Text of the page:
On the eastern edge of Fairview yesterday, I saw a novel construction that made me pause. It was right on the edge of a back alley behind a house.
It was in a neighbourhood not too far south of 16th Avenue where the grass is longer, the bushes are bushier, and nature, well, nature always looks like it just got out of bed.
I expect things in this area to look a little “rustic”, but this was pushing it: two-by-fours, unpainted plywood, an old window for a door, and plenty of chicken wire.
It might have been the ugliest lane home in Vancouver, but it was a bit too small for that. Perhaps a minimum security playhouse?
Then the three ginger hens strode into view.
What a dumb cluck I was. This was one of those chicken coops the city of Vancouver is allowing homeowners to keep in their backyards—first one I’d seen.
Think global, eat local, one egg at a time
You know you’re an oppressed species when there’s a type of steel wire fence mesh named after you.
But these chickens didn’t look a bit distressed by their captivity; rather they looked blasé and even a bit jaundiced (perhaps because of their yellow eyes).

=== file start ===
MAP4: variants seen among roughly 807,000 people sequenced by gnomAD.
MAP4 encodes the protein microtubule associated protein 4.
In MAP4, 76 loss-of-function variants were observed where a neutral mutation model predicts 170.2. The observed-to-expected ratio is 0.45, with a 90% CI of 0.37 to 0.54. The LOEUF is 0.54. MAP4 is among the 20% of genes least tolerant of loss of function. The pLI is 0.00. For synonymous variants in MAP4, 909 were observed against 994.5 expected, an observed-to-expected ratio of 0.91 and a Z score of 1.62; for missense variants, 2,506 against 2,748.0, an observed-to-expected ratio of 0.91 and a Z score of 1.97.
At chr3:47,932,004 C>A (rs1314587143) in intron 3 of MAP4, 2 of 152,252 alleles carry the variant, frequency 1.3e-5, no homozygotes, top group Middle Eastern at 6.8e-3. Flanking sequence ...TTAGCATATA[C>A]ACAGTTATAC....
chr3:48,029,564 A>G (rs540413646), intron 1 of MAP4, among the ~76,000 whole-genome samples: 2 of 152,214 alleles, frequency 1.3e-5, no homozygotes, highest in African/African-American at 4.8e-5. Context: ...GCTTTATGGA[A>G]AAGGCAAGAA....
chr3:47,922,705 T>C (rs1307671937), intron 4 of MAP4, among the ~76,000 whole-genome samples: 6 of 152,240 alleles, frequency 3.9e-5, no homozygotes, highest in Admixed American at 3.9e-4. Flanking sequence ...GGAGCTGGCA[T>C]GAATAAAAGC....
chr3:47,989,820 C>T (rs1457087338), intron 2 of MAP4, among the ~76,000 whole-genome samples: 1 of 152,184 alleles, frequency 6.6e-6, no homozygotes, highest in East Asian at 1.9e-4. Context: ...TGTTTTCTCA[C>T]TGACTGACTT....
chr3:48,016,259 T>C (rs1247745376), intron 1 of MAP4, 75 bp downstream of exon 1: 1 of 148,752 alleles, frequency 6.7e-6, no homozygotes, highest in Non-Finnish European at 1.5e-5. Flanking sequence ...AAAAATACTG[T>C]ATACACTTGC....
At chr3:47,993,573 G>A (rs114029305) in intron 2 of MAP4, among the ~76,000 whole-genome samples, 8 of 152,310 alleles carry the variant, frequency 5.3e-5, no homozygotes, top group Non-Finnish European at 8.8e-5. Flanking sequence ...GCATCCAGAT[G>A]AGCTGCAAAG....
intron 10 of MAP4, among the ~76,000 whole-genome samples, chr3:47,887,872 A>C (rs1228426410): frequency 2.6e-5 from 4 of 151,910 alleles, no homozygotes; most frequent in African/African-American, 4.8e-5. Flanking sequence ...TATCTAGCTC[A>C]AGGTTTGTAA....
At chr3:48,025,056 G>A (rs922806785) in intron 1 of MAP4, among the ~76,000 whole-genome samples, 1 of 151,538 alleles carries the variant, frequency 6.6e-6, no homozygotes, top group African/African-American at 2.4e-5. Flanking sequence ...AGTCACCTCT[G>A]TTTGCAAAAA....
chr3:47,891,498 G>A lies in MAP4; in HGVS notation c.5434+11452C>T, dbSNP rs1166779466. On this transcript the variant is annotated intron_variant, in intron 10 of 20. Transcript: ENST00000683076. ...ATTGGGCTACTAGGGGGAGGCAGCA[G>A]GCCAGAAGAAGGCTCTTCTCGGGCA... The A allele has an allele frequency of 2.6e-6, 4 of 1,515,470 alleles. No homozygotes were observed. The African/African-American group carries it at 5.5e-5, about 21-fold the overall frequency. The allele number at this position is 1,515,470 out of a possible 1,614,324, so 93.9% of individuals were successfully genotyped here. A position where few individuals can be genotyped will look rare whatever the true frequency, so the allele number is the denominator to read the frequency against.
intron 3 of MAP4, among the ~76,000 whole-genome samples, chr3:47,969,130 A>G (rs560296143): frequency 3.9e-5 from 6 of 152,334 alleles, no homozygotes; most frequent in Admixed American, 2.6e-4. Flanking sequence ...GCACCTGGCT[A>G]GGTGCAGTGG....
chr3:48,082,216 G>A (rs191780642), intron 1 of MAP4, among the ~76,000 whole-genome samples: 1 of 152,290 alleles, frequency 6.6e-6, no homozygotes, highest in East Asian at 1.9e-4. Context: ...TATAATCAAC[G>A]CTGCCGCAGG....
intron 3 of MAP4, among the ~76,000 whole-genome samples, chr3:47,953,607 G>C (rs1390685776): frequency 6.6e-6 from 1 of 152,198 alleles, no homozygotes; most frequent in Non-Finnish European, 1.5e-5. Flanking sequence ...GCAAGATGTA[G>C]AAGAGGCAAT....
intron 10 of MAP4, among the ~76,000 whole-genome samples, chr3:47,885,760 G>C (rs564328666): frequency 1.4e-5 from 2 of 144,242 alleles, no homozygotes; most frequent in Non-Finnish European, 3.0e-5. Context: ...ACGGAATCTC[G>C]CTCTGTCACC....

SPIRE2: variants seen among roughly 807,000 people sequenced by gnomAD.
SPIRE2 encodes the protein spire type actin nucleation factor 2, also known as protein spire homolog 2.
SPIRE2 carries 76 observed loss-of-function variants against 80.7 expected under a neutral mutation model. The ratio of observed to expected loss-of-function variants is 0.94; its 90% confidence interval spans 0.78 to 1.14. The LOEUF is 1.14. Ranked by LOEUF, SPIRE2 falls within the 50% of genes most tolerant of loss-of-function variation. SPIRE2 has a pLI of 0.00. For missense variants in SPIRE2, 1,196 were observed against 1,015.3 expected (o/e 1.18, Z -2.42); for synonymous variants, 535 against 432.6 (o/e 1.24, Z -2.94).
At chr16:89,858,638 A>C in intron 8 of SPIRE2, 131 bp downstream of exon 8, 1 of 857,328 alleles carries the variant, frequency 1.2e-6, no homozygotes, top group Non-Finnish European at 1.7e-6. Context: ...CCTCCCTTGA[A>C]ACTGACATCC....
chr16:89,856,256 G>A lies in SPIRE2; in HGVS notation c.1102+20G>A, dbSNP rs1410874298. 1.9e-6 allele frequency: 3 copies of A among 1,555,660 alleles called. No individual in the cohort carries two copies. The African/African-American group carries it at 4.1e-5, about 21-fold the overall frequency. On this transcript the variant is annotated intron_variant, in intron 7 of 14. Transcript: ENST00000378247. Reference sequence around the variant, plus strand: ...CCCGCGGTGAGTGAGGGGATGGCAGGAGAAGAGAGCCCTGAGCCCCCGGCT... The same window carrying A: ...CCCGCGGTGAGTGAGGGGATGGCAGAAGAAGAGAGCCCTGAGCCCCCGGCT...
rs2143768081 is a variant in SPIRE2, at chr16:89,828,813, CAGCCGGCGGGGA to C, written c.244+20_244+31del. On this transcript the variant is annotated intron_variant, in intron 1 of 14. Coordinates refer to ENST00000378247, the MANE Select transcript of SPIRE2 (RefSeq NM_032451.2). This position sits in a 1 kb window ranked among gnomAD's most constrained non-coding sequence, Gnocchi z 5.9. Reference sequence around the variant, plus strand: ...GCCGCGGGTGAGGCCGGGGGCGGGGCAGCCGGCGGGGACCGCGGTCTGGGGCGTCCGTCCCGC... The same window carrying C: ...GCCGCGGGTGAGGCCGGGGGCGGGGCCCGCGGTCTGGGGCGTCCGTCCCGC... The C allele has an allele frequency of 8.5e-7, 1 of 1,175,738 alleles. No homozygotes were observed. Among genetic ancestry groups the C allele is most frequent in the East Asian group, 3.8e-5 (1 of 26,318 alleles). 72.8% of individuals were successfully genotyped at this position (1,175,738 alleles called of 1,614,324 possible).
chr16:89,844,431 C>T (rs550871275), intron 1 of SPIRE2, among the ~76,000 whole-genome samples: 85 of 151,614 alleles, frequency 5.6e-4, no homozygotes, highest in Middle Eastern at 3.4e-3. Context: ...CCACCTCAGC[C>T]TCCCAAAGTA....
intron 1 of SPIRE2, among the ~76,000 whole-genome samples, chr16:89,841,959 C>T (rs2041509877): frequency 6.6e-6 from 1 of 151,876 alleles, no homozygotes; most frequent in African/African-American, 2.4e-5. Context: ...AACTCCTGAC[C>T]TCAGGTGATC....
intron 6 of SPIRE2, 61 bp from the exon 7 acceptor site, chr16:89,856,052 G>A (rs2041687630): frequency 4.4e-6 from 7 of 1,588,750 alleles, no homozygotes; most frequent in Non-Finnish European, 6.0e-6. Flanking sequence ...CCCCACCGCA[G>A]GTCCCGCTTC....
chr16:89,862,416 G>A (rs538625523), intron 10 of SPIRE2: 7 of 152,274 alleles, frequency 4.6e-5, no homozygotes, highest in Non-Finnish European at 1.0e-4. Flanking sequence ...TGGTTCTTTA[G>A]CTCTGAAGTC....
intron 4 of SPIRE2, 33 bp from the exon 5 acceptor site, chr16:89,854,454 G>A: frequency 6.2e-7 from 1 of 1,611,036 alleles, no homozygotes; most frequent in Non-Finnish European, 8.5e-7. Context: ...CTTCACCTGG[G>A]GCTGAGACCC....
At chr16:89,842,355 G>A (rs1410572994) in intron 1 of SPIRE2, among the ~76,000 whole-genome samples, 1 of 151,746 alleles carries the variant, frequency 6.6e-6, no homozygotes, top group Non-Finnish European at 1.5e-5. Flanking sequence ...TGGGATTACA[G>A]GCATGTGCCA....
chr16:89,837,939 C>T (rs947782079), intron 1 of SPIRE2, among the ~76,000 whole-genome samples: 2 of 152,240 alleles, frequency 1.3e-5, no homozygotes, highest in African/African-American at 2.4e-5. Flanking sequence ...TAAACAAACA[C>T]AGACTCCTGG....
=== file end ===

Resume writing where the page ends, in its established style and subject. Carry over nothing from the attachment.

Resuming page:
And I’ve heard little or no outcry from animal rights activists against the keeping of chickens, save when they’re kept in inhuman conditions.
Perhaps the threshold test for whether it’s totally wrong or not to keep an animal in captivity is whether the animal is intelligent enough to know it’s in captivity.
Now that I think about it, that might have been the same test used in the Garden of Eden—Adam and Eve were released from captivity after they ate fruit from the Tree of Knowledge.
Whales and dolphins are already smart enough to know but chickens, not so much.
You look into a chicken’s eyes and there is no there there, if you know what I mean.